The VCE partnership involving EMC, its subsidiary VMware and Cisco will not change, even after Cisco last month expanded its partnership with EMC rival NetApp to sell preconfigured cloud architectures.
"I feel the partnership is strong. Obviously, it's a hyper competitive environment, so there's a lot of speculation in the marketplace," said VCE CEO Praveen Akkiraju in an interview this week with Computerworld.
Founded in 2009, VCE (Virtual Computing Environment), is a joint venture among EMC, its VMware subsidiary and Cisco Systems. VCE sells preconfigured and pretested cloud computing systems called Vblocks. VBlocks are made up by Cisco's Unified Computing System (UCS) servers and networking switches, EMC's storage arrays and VMware virtualization software.
Alex Shubov, a Vblock engineer, explains how the integrated architecture works in VCE's Solution's Lab in Marlborough, Mass. (Photo: Lucas Mearian/Computerworld)
Akkiraju said there are no plans to go outside of the partnership to third-party vendors for servers or switches or to offer an a-la-carte style VCE because Akkiraju considers Cisco "best of breed."
"More fundamentally, Cisco is one of our key investors, and we don't envision a different strategy than what we have today," Akkiraju said.
"Because of the nature of VCE as a joint venture, we are tightly aligned in our go-to-market from a sales perspective, from a services perspective and the way we co-develop our road maps," Akkiraju continued. "If anything, because of my deep experience with Cisco, we're able to have very honest and open conversations."
Prior to accepting the position of chief executive at VCE six months ago, Akkiraju worked at Cisco for 18 years. His last position was as senior vice president and general manager of Cisco's Services Routing Technology Group, where he oversaw cloud infrastructure and integrated networking products.
Even so, there was some speculation recently that the VCE partnership might splinter after Cisco and NetApp expanded their reseller partnership around NetApp's preconfigured FlexPod architecture. FlexPod combines Cisco switches and servers with NetApp's FAS storage systems.
However, it wouldn't be the first time a strong partnership failed when cooperation turned into competition. Such was the case with EMC's reseller partnership with Dell, which lasted a decade, but ultimately broke apart after Dell's storage line began competing more and more with EMC's.
Like the VCE partnership, the EMC-Dell arrangement was extremely tight and profitable for both companies. Dell sold more than $1 billion worth of midrange and entry-level storage products from EMC.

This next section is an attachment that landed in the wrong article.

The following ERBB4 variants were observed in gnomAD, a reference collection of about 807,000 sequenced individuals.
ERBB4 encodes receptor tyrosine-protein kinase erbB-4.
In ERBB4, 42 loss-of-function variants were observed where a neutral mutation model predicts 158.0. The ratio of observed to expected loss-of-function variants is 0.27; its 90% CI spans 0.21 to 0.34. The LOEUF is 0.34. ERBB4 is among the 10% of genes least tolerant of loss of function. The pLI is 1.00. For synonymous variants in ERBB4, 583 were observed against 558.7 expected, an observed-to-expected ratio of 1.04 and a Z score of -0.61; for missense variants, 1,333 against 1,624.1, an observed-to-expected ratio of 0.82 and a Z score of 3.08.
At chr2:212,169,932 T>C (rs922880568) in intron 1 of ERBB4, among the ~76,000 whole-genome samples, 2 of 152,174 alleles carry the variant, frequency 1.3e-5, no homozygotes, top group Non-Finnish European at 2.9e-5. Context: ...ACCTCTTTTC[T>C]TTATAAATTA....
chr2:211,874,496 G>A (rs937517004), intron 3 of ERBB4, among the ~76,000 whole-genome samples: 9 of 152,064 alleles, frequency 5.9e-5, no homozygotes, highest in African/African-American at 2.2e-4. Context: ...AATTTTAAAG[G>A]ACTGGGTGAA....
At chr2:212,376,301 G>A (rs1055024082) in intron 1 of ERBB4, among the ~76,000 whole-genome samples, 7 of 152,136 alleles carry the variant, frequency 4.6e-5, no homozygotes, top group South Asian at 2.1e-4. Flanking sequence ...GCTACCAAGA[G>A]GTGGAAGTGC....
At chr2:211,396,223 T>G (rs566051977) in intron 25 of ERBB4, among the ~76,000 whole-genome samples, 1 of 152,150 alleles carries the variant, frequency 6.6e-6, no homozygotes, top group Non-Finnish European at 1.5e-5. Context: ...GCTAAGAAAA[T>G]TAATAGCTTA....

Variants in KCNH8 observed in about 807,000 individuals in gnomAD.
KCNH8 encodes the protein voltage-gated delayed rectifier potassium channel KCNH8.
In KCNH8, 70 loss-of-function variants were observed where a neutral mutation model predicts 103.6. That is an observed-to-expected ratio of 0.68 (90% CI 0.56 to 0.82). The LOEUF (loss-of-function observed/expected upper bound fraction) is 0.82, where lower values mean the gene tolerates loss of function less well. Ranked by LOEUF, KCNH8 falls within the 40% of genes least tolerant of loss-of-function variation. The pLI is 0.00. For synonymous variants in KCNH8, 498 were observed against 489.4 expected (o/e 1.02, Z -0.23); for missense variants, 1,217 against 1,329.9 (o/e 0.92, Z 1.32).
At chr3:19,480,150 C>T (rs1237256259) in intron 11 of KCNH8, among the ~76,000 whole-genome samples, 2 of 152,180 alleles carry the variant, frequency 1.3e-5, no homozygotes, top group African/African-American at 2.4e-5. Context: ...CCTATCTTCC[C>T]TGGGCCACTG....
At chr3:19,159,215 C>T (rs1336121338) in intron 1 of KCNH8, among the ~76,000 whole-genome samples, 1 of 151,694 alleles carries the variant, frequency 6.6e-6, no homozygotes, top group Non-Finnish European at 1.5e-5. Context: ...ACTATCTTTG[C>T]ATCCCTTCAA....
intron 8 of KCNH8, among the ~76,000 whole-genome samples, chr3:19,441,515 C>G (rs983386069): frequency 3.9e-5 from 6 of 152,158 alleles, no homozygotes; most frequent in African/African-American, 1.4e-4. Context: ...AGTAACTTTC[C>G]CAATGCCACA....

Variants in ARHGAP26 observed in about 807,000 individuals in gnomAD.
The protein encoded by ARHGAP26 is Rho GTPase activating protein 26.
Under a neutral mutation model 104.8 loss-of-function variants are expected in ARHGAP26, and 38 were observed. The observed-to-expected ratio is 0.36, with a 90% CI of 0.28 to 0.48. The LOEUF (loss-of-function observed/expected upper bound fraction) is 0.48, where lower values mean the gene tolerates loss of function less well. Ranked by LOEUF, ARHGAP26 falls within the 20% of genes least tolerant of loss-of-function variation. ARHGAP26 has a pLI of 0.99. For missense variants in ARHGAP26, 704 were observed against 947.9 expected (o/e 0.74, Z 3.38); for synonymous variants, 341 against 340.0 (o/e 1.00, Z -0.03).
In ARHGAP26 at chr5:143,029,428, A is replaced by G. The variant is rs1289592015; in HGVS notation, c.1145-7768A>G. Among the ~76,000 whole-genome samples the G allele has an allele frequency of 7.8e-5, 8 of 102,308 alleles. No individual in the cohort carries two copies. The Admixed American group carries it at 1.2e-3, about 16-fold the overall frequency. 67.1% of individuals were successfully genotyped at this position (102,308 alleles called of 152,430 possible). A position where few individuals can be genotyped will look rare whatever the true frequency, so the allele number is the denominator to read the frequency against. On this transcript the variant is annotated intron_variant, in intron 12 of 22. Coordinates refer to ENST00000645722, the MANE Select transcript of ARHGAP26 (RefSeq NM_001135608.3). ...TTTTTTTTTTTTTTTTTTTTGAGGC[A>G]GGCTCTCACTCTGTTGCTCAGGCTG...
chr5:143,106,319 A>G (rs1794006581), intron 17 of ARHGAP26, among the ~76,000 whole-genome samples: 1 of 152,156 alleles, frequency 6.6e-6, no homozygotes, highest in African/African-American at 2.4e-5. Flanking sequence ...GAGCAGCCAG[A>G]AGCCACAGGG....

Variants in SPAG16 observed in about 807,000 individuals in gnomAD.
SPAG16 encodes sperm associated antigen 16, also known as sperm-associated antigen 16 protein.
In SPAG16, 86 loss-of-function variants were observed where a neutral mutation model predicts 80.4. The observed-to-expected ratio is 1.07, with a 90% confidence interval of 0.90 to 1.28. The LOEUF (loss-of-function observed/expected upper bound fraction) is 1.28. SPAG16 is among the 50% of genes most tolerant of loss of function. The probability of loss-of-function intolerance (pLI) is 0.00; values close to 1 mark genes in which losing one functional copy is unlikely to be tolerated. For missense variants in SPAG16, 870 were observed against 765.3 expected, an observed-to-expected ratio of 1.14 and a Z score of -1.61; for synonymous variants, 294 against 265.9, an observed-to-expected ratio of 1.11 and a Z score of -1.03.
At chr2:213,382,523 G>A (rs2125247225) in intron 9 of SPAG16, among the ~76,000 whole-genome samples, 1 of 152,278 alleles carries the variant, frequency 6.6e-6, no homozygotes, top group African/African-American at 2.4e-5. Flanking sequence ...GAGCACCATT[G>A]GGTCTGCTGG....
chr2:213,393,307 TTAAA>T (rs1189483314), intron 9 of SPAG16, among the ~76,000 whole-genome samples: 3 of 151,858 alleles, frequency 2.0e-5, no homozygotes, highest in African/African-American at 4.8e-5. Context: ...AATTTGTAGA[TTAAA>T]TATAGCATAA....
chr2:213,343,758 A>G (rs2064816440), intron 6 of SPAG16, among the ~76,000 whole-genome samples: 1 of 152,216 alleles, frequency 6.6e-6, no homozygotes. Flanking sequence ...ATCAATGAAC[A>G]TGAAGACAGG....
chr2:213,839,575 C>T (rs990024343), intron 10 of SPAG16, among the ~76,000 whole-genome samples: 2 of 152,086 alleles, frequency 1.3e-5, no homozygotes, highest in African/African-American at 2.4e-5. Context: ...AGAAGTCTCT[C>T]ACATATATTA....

Last week, EMC reported that VCE exceeded company expectations as demand for Vblock systems showed strong year-over-year growth.
VCE upgrade plans
The Vblock platform is also expected to receive significant upgrades later this month, according to Akkiraju. On Feb. 20, VCE will announce both software and hardware upgrades that will help it transition to the "next-generation" data center, he said.
Akkiraju described the next-generation data centers as a type of private cloud that has less siloed architecture with shared pools of infrastructure that are "dynamic and intelligent."
Without offering specifics, Akkiraju said customers have been vocal about needed upgrades, which spurred the changes that will offer more SaaS-like capabilities while also supporting virtual desktop infrastructures (VDI) and bring-your-own-device (BYOD) corporate strategies.
The front of a Vblock rack. Cisco blade servers are on the bottom, switches above that and EMC storage arrays over that. (Photo: Lucas Mearian/Computerworld)
Akkiraju pointed to the example of Salesforce.com, an application many companies deploy, but that the data for which comes from many places: -- on premise and through a private cloud, or even off premise through a public cloud.
"So how do you stitch together data that comes from different parts of the infrastructure, some owned by the company and some stored externally for a mobile salesperson with an iPhone or an iPad?" he said. "That's a great example of a next-generation data center workload that requires a different type of architecture and thinking."
"The next phase of what we're about to embark on ... will establish the convergent infrastructure as a foundation and start to build an ecosystem around truly freeing up the CIO to be able to deliver the IT as a service," Akkiraju said. "In the cloud era, you accept a certain level of standardization to get the benefits of flexibility and speed."
Lucas Mearian covers storage, disaster recovery and business continuity, financial services infrastructure and health care IT for Computerworld. Follow Lucas on Twitter at @lucasmearian or subscribe to Lucas's RSS feed. His e-mail address is firstname.lastname@example.org.
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